June 7, 2015

5 Relationship Traps the Mindful Person doesn’t fall For.

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Relationships are not complicated.

We make them complicated.

Instead of doing the hard self-work necessary to be happy on our own, we choose to believe that relationships require magic ingredients.

These are five things we tend to perpetuate as relationship “fact” that erode our chances of finding long-term partnership.

1. “Fighting is healthy.”

Think about why fights happen. Not just with your partner but with anyone.

Fights happen because we think we’re right and the other person is wrong. Both people hold onto believing they’re right and will stop at nothing to prove it.

Our experience says that our way is best and theirs is saying that theirs is best.

There is a difference between fighting and “disagreeing.”

It is important to disagree. Our taste in movies, music or food should not begin to align over time. We are separate, complete individuals after all!

But fighting is nothing more than disagreement with an added layer—ego. Protecting the ego’s need to be right, maintain its identity and be seen.

Disagreeing is healthy. Fighting is not.

Tip: Acknowledge that there is no right or wrong and act without ego.

2. “You complete me.”

Read between the lines:

“You complete me (I was incomplete before).”

“You complete me (without you, I am unhappy).”

“You complete me (I need you to make me feel worthy).”

It might sound like a nice thing to say. After all, you’re saying that the other person is a major part of your life, right?

Not quite. What you’re saying is that you’re dependent on them. Without them, you are “incomplete.” You can’t be content on your own, you can’t follow your own path, you don’t love yourself.

“You complete me” is emotional sabotage. You are making the person feel like they are the glue that is keeping you together and if they leave, you will be destroyed.

Healthy relationships are not formed from a place of need and dependency.

They form when two humans, who have found joy on their own path chose to travel together.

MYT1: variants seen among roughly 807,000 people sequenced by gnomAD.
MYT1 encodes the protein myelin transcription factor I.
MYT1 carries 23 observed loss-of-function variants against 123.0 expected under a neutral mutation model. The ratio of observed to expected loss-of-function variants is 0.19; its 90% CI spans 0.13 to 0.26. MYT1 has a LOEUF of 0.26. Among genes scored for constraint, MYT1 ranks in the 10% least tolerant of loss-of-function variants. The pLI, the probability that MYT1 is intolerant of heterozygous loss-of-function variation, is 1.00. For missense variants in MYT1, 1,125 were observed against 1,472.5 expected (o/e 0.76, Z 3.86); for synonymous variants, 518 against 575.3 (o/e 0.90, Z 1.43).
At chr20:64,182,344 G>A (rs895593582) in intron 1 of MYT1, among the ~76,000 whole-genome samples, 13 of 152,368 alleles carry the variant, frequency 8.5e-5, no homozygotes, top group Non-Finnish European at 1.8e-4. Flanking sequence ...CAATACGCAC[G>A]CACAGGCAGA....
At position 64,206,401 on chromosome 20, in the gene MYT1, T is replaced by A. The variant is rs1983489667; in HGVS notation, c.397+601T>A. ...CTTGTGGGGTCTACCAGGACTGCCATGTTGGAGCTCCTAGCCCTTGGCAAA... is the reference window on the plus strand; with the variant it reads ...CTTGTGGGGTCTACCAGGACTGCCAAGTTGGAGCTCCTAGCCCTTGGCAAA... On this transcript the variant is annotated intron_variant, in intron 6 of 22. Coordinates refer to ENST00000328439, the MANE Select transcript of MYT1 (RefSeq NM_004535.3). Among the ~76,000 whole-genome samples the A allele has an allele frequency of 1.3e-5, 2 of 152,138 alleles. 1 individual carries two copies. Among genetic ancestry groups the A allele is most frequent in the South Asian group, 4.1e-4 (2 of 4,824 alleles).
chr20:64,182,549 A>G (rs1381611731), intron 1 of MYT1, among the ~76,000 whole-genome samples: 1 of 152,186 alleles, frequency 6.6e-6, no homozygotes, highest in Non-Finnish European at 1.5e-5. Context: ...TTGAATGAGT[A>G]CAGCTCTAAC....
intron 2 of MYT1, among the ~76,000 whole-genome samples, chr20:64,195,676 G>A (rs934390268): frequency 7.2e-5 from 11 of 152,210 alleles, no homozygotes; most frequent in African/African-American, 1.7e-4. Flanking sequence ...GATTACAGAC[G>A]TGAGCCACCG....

Seeking happiness in the company of another may sound romantic, but actually comes from a place of ego and fear. Let. That. Sh*t. Go.

Tip: Acknowledge that working on yourself is the expressway to healthy relationships.

3. “Relationships require sacrifice.”

“Whether you think you can, or you think you can’t—you’re right.” ~ Henry Ford

If we believe we need to sacrifice our career, because we need to move to another country for our parter, then we will make that sacrifice. If we believe we can have a loving relationship and a successful career wherever we go, then we will.

Personally, I’m not interested in meeting 50/50 with somebody I love. I don’t want my partner to be half in. And I definitely don’t want to go half in.

Instead of meeting each other 50/50, why not meet each other 100/100? Believe that both people can have exactly what they want, without sacrifices.

We can spend time together and stay loyal to friends. We can move anywhere in the world without sacrificing our dreams. We can make it work if we put enough belief and creativity into it.

4. “Nice guys finish last/ girls like bad boys.”

“Bad boys” appeal to girls because the sense of adventure is initially misinterpreted as passion or mission.

Maybe he’s a rockstar, a biker or skater. But as the layers peel off, the hidden insecurities come to the surface.

On the flip side, nice guys who don’t step up to their talents and strengths, are left in the shadows.

Claiming to be humble when we’re actually scared is a cowardly way out.

Tip: Be secure in stepping up to your talents without inflating your successes and deal with your insecurities without hesitation.

Confidence is silent. Insecurities are loud.

5. “Girls are crazy/ drama queens or girls need drama/ attention.”

Drama is created when we’re living in anxiety of the future or in regret of the past.

As such, it is not gender exclusive. The only difference is that while girls voice their drama, whereas guys keep it hidden. Growing up, it tends to be taboo for guys to voice their emotions.

When a man or a woman is busy living in their current purpose and taking each moment for what it is, there is, quite literally, no time for drama. They are too busy for drama.

Learn to be content in the present moment, and all else fades away. We’re left with nothing but total, unfiltered joy (which happens to be irresistible to those around you).

Tip: Be so busy living your life that you have no time for drama. Serve as an example for your partner and others, to live their own lives fully.


If these things happen in your life, look at these as symptoms of your own health, not about the health of your relationship.

If you are fighting often, what are you trying to protect? Why do you need to feel right?

Are you sacrificing your goals to keep your partner happy? Do you think they want you to sacrifice your dreams?

Do you say you’re “humble” when you’re actually scared of admitting your talents? Why are you keeping your gifts from the world?

You know there’s nothing sexier than a person with passions, right?

Living mindfully leads to the best relationship advice you never got: instead of finding the right man/woman, focus on being the right man/ woman.

Work relentlessly on every part of yourself—physical, mental and spiritual—and your partner will appear.



How to Love Better: Mindfulness in Relationships.


Author: Alexey Yanovski

Editor: Ashleigh Hitchcock

Photo: courtesy of the author

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